Troth Yeddha' Initiative

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UAF ridge now carries Troth Yeddha' name

The ridge along which the University of Alaska Fairbanks is built now officially carries the name Troth Yeddha', or Indian Potato Ridge.

The name was approved Feb. 14, 2013, by the U.S. Board on Geographic Names. The ridge previously had no official name. [link to official GNIS entry]

Troth Yeddha' wins commission's approval

On November 26, 2012, the Alaska Historical Commission, which reviews proposals to name physical features in the state, voted unanimously to approve Troth Yeddha' as the name for the ridge on the UAF campus. It has had no official name up to now.


Troth Yeddha' Run for the Park

The inaugural Troth Yeddha' 5k Run for the Park was held September 22, 2012. See the race followup on the TalkingAlaska blog.

About the name Troth Yeddha'



Robert Charlie discusses the significance of the name Troth Yeddha' (Oct 2011)


The land now occupied by the University of Alaska Fairbanks campus was called Troth Yeddha' (sometimes spelled Troth Yedda' or Troth Yeddh) by the Lower Tanana Athabascans. Lower Tanana is the indigenous language of the Lower Tanana Valley, spoken east-to-west from Moose Creek Bluff (past North Pole) to Baker Creek/Zitziana River. Some of the main Lower Tanana village sites are  Chena Village (Ch'eno' Khwdochaget),  Nenana (Toghotili), Old Minto (Menhti Khwghotthit), and Toklat (Tu Tl’ot Khwdochaget).

The word troth refers to the plant known in English as "Indian potato", "wild potato", or "wild carrot" (Hedysarum alpinum). The word yeddha' means "its ridge, its hill." Linguistically, it can be analyzed as the word yetth "ridge" plus the possessive suffix -a' (the change from tth to ddh in the possessed form is part of a regular phonological process). Thus the name Troth Yeddha' can be literally translated into English as "Wild Potato Ridge." The apostrophe at the end of the word yeddha' is a meaningful symbol that represents a glottal stop in the Tanana language.

Other areas now on and around the UAF campus also have original Athabascan names. Some examples include:

  • Ch'eno' Chena River
  • Sresr Ddhela' Ester Dome (literally: 'black bear mountain')
  • Tr'ekhwghodegi Troth Yeddha' Bena' Smith Lake
    (literally: 'upper wild potato ridge lake')
  • Tr'ekhwghotthidi Troth Yeddha' Bena' Ballaine Lake
    (literally: 'lower wild potato ridge lake')

Various archaeological, linguistic, and oral history records indicate the importance of Troth Yeddha' to the Athabascan people. There is evidence of small a settlement at Troth Yeddha' prior to the 1840s. Troth can still be found in steam beds and flood plains between the university and the Tanana River. The roots of troth are the most important vegetable food for the Alaska Athabascans.

A description of troth harvesting by the Chena people, very likely in the lowlands south of Troth Yeddha’, was given by Laura Anderson, the last Chena speaker, in her classic woman’s narrative According to Mama (1956:14, reprinted in 2011 by St. Matthews Episcopal Church):

Sometimes women went poking a long pole in the ground all over. When the ground felt just right there was a mice nest. This nest they dug up and there was a cache of Indian potato roots as big as a big basket sometimes. The women put this in a basket and ate it. The mice got nothing!  This Indian potato root people dug, too, and buried it just in dirt. In the middle of winter it had turned just sweet and women peeled off the skin and cooked the white inside root. They would get bear grease boiling and then put the root in.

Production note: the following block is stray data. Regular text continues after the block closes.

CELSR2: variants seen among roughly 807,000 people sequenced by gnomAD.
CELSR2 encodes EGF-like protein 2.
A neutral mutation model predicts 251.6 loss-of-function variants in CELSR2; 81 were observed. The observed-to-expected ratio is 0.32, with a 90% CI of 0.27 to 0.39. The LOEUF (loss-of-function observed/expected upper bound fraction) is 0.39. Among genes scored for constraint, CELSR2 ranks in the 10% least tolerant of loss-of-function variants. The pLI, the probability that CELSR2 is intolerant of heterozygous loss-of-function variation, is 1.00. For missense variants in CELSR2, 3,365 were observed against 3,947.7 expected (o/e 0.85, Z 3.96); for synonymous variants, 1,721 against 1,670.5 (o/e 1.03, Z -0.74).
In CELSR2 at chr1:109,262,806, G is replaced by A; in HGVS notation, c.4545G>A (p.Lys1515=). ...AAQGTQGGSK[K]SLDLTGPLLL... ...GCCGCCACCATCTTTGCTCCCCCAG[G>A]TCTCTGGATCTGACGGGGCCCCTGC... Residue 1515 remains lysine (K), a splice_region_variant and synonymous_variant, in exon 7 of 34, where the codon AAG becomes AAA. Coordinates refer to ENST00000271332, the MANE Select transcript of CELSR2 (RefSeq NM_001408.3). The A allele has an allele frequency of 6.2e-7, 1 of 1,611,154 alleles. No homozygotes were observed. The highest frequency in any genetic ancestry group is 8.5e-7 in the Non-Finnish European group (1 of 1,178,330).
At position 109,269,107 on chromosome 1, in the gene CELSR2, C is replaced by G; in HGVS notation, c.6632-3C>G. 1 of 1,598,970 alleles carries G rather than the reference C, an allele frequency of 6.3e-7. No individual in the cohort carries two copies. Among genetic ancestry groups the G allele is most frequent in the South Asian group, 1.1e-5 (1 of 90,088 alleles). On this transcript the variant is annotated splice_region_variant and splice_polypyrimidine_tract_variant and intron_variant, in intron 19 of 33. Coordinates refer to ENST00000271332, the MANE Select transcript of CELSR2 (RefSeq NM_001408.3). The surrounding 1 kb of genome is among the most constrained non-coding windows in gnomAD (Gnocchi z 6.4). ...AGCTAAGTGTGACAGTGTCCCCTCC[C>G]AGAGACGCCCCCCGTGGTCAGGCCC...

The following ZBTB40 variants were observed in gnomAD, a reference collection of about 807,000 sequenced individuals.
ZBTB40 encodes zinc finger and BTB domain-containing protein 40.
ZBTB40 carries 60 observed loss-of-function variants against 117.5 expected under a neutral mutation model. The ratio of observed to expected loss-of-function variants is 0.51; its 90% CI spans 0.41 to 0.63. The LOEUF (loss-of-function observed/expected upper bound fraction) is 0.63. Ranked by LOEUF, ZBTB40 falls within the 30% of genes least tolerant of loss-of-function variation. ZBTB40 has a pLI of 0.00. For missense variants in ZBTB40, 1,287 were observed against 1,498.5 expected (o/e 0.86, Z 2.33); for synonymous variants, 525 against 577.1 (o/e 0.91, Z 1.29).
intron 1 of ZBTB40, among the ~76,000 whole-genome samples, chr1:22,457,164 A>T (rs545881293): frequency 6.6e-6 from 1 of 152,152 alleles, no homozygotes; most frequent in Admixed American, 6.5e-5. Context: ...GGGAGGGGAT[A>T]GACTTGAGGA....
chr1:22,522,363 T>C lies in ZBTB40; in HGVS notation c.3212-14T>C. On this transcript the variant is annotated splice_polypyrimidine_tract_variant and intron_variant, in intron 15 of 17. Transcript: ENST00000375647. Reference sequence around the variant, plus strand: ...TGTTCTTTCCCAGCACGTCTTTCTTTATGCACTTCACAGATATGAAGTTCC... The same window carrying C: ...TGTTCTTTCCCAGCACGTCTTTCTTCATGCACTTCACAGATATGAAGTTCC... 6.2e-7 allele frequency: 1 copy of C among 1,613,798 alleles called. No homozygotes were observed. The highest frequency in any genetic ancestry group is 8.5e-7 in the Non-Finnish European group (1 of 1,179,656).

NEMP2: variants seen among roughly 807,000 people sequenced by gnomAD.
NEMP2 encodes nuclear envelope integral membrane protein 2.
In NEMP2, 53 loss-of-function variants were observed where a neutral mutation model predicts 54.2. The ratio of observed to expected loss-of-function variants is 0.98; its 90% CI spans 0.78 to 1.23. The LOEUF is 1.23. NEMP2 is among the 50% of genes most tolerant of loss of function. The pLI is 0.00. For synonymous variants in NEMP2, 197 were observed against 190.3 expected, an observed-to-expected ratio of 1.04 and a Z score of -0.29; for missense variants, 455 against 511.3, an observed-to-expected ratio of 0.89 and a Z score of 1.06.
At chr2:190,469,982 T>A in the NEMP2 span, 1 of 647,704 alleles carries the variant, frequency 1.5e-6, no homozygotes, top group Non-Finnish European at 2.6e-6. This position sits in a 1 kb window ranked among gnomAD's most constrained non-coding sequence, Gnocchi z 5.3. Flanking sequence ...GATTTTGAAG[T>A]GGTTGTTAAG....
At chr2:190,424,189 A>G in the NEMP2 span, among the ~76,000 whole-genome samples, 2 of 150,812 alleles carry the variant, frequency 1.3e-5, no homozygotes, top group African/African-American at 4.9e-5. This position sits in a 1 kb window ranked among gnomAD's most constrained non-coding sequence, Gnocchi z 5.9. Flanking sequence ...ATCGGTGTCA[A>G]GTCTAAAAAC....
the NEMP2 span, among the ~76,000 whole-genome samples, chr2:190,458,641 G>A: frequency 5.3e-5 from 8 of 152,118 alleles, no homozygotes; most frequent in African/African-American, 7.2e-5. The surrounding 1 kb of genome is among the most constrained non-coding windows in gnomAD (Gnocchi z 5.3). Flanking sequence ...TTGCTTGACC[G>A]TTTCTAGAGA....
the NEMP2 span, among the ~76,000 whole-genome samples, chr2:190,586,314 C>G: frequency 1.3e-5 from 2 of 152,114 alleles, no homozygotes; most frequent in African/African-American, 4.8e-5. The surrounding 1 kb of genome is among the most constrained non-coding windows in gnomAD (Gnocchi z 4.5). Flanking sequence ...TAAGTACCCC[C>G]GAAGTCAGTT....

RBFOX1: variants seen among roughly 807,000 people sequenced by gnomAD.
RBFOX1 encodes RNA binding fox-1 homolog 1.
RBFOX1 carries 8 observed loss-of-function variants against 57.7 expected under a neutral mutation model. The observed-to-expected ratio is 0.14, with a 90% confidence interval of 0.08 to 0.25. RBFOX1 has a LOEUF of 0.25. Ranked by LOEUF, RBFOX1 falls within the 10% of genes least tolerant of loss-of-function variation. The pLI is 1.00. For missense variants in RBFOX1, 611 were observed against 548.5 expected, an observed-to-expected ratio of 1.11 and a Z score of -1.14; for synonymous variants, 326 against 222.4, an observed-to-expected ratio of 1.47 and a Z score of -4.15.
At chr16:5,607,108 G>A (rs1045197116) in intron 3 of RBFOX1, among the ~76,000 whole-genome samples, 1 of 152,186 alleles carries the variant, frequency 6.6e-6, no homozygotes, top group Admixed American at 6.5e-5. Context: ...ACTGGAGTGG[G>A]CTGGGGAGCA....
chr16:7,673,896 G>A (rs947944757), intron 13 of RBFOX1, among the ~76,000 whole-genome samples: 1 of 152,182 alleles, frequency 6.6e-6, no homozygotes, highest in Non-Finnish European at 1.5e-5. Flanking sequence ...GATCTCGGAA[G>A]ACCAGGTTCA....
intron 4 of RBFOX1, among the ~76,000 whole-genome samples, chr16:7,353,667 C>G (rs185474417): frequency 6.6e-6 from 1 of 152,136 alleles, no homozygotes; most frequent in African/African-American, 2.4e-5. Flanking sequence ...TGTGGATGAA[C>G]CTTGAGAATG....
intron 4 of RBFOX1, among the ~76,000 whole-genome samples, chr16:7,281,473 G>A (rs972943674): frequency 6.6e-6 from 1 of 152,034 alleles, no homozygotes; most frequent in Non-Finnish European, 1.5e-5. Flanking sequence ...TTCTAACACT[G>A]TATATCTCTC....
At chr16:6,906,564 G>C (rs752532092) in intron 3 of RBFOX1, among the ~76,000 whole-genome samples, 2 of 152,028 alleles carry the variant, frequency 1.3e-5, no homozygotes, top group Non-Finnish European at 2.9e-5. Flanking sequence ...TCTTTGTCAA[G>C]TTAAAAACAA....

“Mama,” was Helen David Charley (1862-1957). The fascinating factual summaries in the book are the earliest first-hand accounts of aboriginal life in the Fairbanks area.

The usage of troth is described by Father Jules Jetté in the Koyukon Athabaskan Dictionary:

The [troth] is good only during the winter, when the natives gather it, digging for it under the snow. It is then round and full, juicy and tender. After the thaw it loses its qualities, becomes hard, woody, and tasteless. It is also used as a substitute for tea or coffee. For this purpose, the root is sliced transversely in segments 1 to 2 inches long; these are divided longitudinally, by separating the fibers, and these are cut again across in small portions, which are afterwards dried and roasted in a frying pan. They are used as tea, in an infusion, and sometimes as a decoction. The beverage thus prepared is said to taste like chocolate. (Jones and Jetté 2000)

A Tanana Valley War Story

The name Troth Yeddha' features prominently in a story related by Hester Evan. In this important piece of oral history, Hester describes a raid on a small village at 'Indian Potato Hill'. This raid took place in about 1843; there were casualties, and there were three survivors. The story was recorded by James Kari on February 15, 2001, on the University of Alaska campus at the Troth Yeddha' site. Hester uses her own Toklat dialect, pronouncing the place name as Tsoł Teya', but it is nonetheless the same place. This story, powerfully told, clearly speaks to the long history of occupation of Tanana Valley by the Lower Tanana Athabascan peoples.

A transcript of Hester Evan's story can be downloaded here.

See also Peter John's 1991 remarks about a retaliatory raid at Troth Yetth (Troth Yeddha').



Presentation on Lower Tanana place names by James Kari and Robert Charlie

Lower Tanana Athbascan Place Names: The Structure and Function of Shared Geographic Knowledge

Jim Kari and Robert Charlie (in absentia) presented this talk in the UAF Department of Anthropology colloqiium series on Feb 24, 2012.